We are finally seeing some light at the end of the pandemic tunnel with coronavirus vaccine rollout underway in North America, Europe and parts of East Asia.
But it is far from a collective “we,” with 87 per cent of the world’s population not likely to receive vaccination within the next 12 months. At best, only one in 10 people from 67 of the world’s poorest and developing countries will be vaccinated by the end of 2021, according to a recent analysis by the People’s Vaccine Alliance. It may be as late as 2024 until the vast majority of nations across the globe have access to COVID-19 vaccines.
The World Health Organization’s COVAX program is the primary global scheme to vaccinate people in poor and middle-income countries around the world against the coronavirus. COVAX has thus far raised $2.1 billion and says it needs an additional $4.9 billion to meet its target of vaccinating at least 20 per cent of the people in poor countries next year. The program is also receiving funds from private donors, most notably the Bill and Melinda Gates Foundation.
We have heard the rhetoric about COVID-19 being the “great equalizer” that discriminates no one and plagues us all. Consequently, the World Health Organization has repeatedly expressed the need for a global plan to stop the spread and start the recovery process. But now with a vaccine in our grasp, the real litmus test of global solidarity is here and it appears there is a very high risk of failure when it comes to such relief on a global scale.
According to The People’s Vaccine Alliance, there are two major factors contributing to the deficit. The first stems from the so-called “hoarding” of the vaccine by wealthy nations and then there are the limits on vaccine production due to intellectual-property controls.
Wealthy countries have been on a vaccination shopping spree for months now, hedging their bets with various distributors and securing more doses than their populations.
“Rich countries have enough doses to vaccinate everyone nearly three times over, whilst poor countries don’t even have enough to reach health workers and people at risk,” said Dr. Mohga Kamal-Yanni of the PVA. Canada alone has secured enough dosages to vaccinate our citizens five to six times over, if all of the pre-ordered vaccinations are approved.
“It makes absolutely no moral sense to have excess doses of vaccines in certain countries and absolutely no doses of vaccines in other areas of the world,” said John Nkengasong, the head of the Africa Centres for Disease Control and Prevention, according to CNN.
When you are intimately linked to poverty you see beyond the statistics. My father grew up very poor in India. His father died at a young age of asthma. It was treatable even then, but deadly if medication is a luxury unaffordable. Such was his fate, leaving behind a young widow with four children.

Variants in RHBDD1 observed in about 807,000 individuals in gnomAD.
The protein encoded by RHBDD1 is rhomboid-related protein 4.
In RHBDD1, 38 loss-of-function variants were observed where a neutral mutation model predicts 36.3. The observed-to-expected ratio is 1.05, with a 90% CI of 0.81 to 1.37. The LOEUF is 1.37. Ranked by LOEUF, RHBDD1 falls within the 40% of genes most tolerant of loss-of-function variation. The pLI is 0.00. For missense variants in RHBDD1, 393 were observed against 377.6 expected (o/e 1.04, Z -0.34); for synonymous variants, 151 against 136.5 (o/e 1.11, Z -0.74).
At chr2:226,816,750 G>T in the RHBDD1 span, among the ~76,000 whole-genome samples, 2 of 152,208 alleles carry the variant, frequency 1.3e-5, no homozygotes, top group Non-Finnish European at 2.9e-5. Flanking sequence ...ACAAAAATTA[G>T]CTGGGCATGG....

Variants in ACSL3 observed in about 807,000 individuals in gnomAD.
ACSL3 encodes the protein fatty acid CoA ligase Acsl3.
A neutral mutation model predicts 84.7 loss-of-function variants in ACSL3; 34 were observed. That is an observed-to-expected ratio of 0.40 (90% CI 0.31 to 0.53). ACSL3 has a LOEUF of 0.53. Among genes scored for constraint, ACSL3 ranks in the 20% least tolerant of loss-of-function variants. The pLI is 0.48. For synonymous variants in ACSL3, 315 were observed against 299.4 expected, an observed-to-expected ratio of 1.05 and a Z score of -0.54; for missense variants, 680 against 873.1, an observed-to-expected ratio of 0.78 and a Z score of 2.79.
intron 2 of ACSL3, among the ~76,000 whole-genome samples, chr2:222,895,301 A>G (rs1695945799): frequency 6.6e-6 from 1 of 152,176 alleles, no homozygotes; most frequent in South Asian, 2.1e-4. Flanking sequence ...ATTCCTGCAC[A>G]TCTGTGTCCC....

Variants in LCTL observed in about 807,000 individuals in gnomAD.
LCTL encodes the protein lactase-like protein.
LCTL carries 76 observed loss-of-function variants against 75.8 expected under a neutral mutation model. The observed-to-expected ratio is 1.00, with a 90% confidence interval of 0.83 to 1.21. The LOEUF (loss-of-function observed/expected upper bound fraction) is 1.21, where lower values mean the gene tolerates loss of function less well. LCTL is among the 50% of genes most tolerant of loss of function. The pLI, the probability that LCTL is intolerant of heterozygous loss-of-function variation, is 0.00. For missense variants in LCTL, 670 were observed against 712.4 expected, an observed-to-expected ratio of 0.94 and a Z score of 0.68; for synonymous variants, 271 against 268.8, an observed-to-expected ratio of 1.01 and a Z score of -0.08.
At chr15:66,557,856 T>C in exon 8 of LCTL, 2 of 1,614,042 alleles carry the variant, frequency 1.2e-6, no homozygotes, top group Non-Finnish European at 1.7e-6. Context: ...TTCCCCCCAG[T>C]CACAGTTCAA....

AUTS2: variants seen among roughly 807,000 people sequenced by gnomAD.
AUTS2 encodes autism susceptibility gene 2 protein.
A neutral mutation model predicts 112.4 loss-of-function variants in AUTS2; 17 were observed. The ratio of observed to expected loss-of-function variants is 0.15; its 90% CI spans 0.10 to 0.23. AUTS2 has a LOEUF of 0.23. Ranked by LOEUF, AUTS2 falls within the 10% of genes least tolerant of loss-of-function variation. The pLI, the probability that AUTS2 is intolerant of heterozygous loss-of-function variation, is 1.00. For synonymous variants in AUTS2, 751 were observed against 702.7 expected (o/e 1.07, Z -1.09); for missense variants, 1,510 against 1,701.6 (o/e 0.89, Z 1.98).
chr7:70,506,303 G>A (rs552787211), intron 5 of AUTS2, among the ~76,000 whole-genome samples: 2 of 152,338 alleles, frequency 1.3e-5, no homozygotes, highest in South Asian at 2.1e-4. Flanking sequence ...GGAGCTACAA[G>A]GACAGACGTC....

When I see the tallies of the COVID-19 death counts, I don’t think about the numbers, I think about the single individuals and the loved ones they are leaving behind. They matter to somebody. My grandfather, despite not having a penny to his name, mattered. Just as these many people who will not see a vaccine for several years and potentially lose their lives in the waiting game, matter.
In the grand scheme, the $4.9 billion that COVAX needs in order to meet its vaccination targets for the upcoming year doesn’t seem too lofty an ambition, when we factor in contribution potential from wealthy countries and individuals. There are billionaires like Bill Gates or Carlos Slim who has helped fund a deal for 150 million doses of the AstraZeneca vaccine in Latin America, drawing on manufacturing capacities in Argentina and his native Mexico.
But everyone is not on board. The United States, China and Russia have declined to help with COVAX financing. And while Canada and the EU have been generous donors to global efforts, we are also undermining those efforts by hoarding supply.
Perhaps if the moral argument can’t win over solidarity, the public health argument will. Eradicating COVID-19 everywhere is an epidemiological necessity.
“Until everybody is protected, nobody can be safe. We are living in an interconnected world and even if those countries can protect themselves, they will be living on an island,” said Dr. Richard Mihingo, the coordinator of Immunization and Vaccine Development at the World Health Organization (WHO) Africa region.
Medical experts and scientists in Africa remember the decades-long, pain-staking fight to access life-saving drugs to combat HIV/Aids long after they were available in the West. More recently, despite lip service on global solidarity, the H1N1 flu vaccine arrived in Africa many months after the height of the epidemic in 2009. There are ample examples from our distant past, but also contemporary days of life-saving drugs made available to the wealthy but not to the poor.
As we race to put this pandemic behind us and return to normalcy, we are reminded of the world’s haves and have-not. While we move full steam ahead on our vaccination distribution plans here in Canada, I’ve been thinking a lot about what that “normal” is and how we seem so casually comfortable with past inequalities and easing right back to them.
Did I expect this virus to result in our world leaders and wealthiest citizens sitting around the campfire singing Kumbaya together? Of course not.
But did I perhaps think these unprecedented past several months of extreme loss, sacrifice and pain on such a mass scale would cause some inner reflection, and an internal shift in all of us to strive to be better global citizens, and see this is an opportunity to balance some of the scales of inequity, maybe I did — naively so.